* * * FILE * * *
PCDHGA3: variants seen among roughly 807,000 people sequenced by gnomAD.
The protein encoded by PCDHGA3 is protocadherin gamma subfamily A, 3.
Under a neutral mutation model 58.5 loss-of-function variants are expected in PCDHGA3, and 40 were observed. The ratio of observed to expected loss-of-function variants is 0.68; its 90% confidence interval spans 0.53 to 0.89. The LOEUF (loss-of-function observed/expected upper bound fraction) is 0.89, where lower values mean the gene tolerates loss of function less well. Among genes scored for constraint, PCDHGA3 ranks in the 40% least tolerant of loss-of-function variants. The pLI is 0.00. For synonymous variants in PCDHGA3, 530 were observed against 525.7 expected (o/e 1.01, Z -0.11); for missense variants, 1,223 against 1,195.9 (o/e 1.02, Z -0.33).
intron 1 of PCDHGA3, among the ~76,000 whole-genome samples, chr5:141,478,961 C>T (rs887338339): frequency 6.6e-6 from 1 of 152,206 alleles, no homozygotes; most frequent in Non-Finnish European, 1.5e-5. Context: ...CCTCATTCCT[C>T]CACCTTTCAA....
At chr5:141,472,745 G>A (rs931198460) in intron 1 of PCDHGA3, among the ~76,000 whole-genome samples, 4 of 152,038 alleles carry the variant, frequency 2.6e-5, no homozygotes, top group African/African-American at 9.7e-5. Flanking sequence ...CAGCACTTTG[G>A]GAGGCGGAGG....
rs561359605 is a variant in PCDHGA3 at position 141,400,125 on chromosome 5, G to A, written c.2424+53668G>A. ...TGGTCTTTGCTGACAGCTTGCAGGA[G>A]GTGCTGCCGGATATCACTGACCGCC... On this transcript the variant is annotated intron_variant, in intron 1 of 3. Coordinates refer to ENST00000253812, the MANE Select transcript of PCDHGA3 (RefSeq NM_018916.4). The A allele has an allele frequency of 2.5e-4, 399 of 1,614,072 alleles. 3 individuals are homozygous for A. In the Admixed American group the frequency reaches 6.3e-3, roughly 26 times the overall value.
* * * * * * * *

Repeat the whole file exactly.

PCDHGA3: variants seen among roughly 807,000 people sequenced by gnomAD.
The protein encoded by PCDHGA3 is protocadherin gamma subfamily A, 3.
Under a neutral mutation model 58.5 loss-of-function variants are expected in PCDHGA3, and 40 were observed. The ratio of observed to expected loss-of-function variants is 0.68; its 90% confidence interval spans 0.53 to 0.89. The LOEUF (loss-of-function observed/expected upper bound fraction) is 0.89, where lower values mean the gene tolerates loss of function less well. Among genes scored for constraint, PCDHGA3 ranks in the 40% least tolerant of loss-of-function variants. The pLI is 0.00. For synonymous variants in PCDHGA3, 530 were observed against 525.7 expected (o/e 1.01, Z -0.11); for missense variants, 1,223 against 1,195.9 (o/e 1.02, Z -0.33).
intron 1 of PCDHGA3, among the ~76,000 whole-genome samples, chr5:141,478,961 C>T (rs887338339): frequency 6.6e-6 from 1 of 152,206 alleles, no homozygotes; most frequent in Non-Finnish European, 1.5e-5. Context: ...CCTCATTCCT[C>T]CACCTTTCAA....
At chr5:141,472,745 G>A (rs931198460) in intron 1 of PCDHGA3, among the ~76,000 whole-genome samples, 4 of 152,038 alleles carry the variant, frequency 2.6e-5, no homozygotes, top group African/African-American at 9.7e-5. Flanking sequence ...CAGCACTTTG[G>A]GAGGCGGAGG....
rs561359605 is a variant in PCDHGA3 at position 141,400,125 on chromosome 5, G to A, written c.2424+53668G>A. ...TGGTCTTTGCTGACAGCTTGCAGGA[G>A]GTGCTGCCGGATATCACTGACCGCC... On this transcript the variant is annotated intron_variant, in intron 1 of 3. Coordinates refer to ENST00000253812, the MANE Select transcript of PCDHGA3 (RefSeq NM_018916.4). The A allele has an allele frequency of 2.5e-4, 399 of 1,614,072 alleles. 3 individuals are homozygous for A. In the Admixed American group the frequency reaches 6.3e-3, roughly 26 times the overall value.